As the interest in base ball is reviving in this city, and as there are good prospects for a professional club this season, a local retrospect ofthe national game will not only be timely, but the ancient history of the pastime for popular favor will command a lively interest at this juncture.
The game was first introduced in the early 60s by the late C. H. Collier, who at that time was principal of the Second ward school, where the Lincoln school now stands. Mr. Collier was just fresh from college and a firm believer in the benefits to be derived from outdoor sports in connection with the mental tasks of the student, and so it was not long after he became settled in his position that he set about organizing the older scholars into a foot ball club. This sport did not take with most of the boys, when it struck Mr. Collier to try base ball on them, the game then being in its infancy and almost wholly confined to the far east. The similarity of the game to the familiar game of town ball, and having many attractive points the latter did not possess, captured the boys at once, and as a consequence the old Star base ball club, the first in the city, came into existence. It would be tedious to follow the history of the game through all the years until the fever, which had been increasing in virulence every summer, resulted in the organization of some very fair amateur teams. The important one in the early history of the game was the Baltic team, from the fact that it toured the prominent towns of the state, winning an unbroken succession of victories. The old Mears club, of Steubenville, however, was their bete noir. They never did beat them. It was during the life of the Baltic team that the celebrated Cincinnati Red Stockings were at the zenith of their fame. Harry Wright's pets were induced to stop over in Wheeling and try conclusions with the Baltics. The game was interesting only from the standpoint of the large score, the Red Stockings making sixty-six runs an dthe Wheeling team, through some inadvertence, scoring six, in six innings. During this time and in after years there flourished the Bridge City, Anchor, National, United, Champion and Osceola, with many minor clubs such as the Enterprise, Eagle, etc. There were many warm contests in those days, but they left no bitter memories, as the days of professional ball had not yet come.
It was when the old Standard club was on the diamond that the liveliest interests were centered around the fortunes of a Wheeling team, and from that period until the organization of the semi-professional Wheeling club the patrons of the sport were as great cranks as the "fans" of later years. Then followed a long interim of inactivity and indifference until once more the fever struck the town and Wheeling launched a strictly professional team as a member of the Tri-State League. The history of that revival is too well known to be mentioned in the scope of this article. It is only necessary to state from the inception of the game to the second interregnum Many of the star players of the national league of today were graduated from the diamond of the Wheeling club.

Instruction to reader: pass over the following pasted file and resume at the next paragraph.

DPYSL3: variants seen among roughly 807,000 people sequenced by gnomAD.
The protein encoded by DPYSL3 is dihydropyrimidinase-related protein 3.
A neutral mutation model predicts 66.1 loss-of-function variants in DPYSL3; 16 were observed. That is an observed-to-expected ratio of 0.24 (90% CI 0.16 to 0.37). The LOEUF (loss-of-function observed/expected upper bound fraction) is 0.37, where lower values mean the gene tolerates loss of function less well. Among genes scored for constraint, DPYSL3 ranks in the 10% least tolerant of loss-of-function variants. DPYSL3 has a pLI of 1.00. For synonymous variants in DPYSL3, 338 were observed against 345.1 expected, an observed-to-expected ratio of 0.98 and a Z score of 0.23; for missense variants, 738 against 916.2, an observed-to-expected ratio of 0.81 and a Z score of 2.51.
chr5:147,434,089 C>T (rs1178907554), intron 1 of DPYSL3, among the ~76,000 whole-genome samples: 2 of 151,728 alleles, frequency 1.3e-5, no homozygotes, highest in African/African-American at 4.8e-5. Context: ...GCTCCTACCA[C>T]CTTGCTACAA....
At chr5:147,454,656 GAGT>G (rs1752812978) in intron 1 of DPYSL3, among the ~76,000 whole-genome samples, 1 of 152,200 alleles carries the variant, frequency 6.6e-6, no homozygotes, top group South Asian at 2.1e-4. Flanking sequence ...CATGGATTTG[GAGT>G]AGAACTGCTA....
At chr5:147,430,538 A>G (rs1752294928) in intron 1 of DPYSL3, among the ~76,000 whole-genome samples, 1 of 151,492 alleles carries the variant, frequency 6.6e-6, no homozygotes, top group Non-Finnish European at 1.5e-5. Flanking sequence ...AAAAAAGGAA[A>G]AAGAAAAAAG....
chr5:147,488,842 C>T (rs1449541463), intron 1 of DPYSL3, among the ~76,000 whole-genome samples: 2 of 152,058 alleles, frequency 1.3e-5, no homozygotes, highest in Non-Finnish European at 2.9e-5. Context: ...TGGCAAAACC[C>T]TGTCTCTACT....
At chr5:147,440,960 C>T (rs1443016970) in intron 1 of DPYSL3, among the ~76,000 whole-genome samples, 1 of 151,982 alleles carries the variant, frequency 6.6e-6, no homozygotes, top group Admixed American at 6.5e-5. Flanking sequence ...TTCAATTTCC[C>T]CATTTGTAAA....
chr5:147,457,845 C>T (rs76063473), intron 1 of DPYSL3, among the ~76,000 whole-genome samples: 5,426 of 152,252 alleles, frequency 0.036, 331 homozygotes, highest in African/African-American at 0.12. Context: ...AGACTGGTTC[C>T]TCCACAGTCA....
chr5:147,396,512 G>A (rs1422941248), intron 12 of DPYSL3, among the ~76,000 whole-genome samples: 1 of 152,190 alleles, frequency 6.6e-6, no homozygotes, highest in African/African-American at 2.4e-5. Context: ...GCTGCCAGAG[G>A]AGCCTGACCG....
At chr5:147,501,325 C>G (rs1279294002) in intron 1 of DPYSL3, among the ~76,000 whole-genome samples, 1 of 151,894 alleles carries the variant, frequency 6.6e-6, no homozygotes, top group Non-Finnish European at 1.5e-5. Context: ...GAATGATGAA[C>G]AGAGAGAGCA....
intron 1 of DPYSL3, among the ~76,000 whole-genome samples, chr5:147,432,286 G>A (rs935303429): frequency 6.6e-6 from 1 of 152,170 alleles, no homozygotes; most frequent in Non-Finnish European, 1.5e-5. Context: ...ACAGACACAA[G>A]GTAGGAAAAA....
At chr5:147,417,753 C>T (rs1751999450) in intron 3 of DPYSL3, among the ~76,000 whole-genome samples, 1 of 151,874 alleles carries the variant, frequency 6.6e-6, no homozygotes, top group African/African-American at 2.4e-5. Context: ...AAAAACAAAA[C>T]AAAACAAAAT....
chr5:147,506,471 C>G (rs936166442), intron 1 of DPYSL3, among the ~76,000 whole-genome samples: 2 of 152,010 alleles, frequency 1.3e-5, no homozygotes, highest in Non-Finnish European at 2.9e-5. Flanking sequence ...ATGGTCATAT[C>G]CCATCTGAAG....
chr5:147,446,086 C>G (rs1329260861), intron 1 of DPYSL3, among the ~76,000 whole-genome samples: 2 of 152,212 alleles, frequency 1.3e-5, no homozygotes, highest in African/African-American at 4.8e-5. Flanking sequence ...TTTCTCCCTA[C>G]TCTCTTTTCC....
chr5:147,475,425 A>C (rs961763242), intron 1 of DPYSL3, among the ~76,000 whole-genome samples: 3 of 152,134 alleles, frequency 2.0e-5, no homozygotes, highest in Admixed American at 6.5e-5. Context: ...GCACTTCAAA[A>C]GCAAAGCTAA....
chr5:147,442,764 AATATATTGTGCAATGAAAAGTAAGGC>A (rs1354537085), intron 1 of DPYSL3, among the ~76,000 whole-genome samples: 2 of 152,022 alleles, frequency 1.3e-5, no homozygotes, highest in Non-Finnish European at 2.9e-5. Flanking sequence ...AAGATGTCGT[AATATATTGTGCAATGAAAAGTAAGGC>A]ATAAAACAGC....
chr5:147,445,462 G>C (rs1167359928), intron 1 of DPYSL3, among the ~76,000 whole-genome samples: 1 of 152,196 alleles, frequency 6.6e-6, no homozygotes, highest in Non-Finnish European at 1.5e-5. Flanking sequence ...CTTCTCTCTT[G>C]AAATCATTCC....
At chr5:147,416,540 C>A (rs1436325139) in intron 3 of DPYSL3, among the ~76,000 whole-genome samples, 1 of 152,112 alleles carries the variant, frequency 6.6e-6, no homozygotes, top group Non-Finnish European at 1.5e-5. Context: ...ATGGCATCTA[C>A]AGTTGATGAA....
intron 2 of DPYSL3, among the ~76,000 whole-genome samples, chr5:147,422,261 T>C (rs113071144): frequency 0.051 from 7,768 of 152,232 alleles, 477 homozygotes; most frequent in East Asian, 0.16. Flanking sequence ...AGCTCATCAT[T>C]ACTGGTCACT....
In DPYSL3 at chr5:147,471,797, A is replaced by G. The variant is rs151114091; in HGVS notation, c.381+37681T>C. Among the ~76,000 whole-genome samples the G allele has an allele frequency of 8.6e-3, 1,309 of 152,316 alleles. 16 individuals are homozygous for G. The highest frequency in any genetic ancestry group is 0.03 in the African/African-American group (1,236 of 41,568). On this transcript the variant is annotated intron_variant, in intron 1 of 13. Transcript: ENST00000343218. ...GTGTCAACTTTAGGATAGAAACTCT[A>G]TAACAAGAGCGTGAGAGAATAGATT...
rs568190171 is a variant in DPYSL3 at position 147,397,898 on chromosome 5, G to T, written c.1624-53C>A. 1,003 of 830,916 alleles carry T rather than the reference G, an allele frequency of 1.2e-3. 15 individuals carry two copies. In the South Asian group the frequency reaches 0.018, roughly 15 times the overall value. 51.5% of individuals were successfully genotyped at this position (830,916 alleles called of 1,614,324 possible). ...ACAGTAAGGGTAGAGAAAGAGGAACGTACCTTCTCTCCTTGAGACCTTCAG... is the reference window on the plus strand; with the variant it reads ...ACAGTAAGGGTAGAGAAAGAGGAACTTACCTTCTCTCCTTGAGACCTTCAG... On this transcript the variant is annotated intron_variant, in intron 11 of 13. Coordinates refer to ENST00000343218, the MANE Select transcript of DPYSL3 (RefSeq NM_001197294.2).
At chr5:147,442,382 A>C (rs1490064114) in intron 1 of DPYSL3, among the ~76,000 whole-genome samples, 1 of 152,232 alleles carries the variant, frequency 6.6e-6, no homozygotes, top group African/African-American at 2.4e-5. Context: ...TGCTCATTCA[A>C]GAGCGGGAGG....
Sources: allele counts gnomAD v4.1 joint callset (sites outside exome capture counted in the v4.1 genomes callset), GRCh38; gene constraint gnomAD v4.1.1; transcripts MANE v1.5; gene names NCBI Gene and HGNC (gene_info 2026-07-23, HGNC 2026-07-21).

During all these years there have been some remarkable contests, and in chronological order the famous game between the semi-professional Neshannock team of New Castle, Pa., and the old Standards comes first. With the Neshannocks as catcher was Barley Bennett, afterwards of the champion Bostons. Well, the Wheeling boys didn't do a thing that day but wipe up the earth with the Pennsylvania aggregation, defeating them to the tune of 19 to 0.
Then came along some years afterwards the Indianapolis Association team, and they found the Wheeling boys to made of sterner stuff than they counted on. The first game resulted 1 to 0, and the second game 2 to 1 in favor of the visitors, but the home team and their friends were very much gratified in having been able to make so good a showing.
The game between the Cincinnati club (not the Red Stockings, but the feeble offspring) and the semi-professional Wheeling teams was a mild corker for those days. On the ninth inning the score stood 6 to 5 in favor of the Cincinnati's and the Nail City boys came to the bat very languidly for their closing half. Somehow the first man at the bat knocked out a corking two baser, which put some life into those who followed, and before the last man was out they had piled up six runs, winning the contest by a score of 11 to 6.
The greatest, and at the same time most unexpected victory of the Wheeling Tri-state team was the morning game with the Zanesvilles on July 4 in 1886 or 1887. There was a tremendous crowd of spectators on the grounds but during the progress of the game they thinned out, many leaving in disgust about the sixth inning because Wheeling hadn't scored with Zanesville away in the lead. But those "easy quitters" missed it. Wheeling took a batting streak, tied the score in the ninth and won out in the tenth. You could hear the frenzied yelling of that crowd on the Island at the city building. Fact.
Another remarkable game was the defeat, several years later, of the Pittsburgh team in an exhibition game, by a score of 1 to 0. There were many other eventful games but these are the only ones that the writer can recall. With these old triumphs spread before the public it is to be hoped that their imperfect recital will revive some of the spirit and local patriotism that prevailed in those days and encourage the projectors o fthe club for this season to give Wheeling such a base ball revival as she have never yet experienced.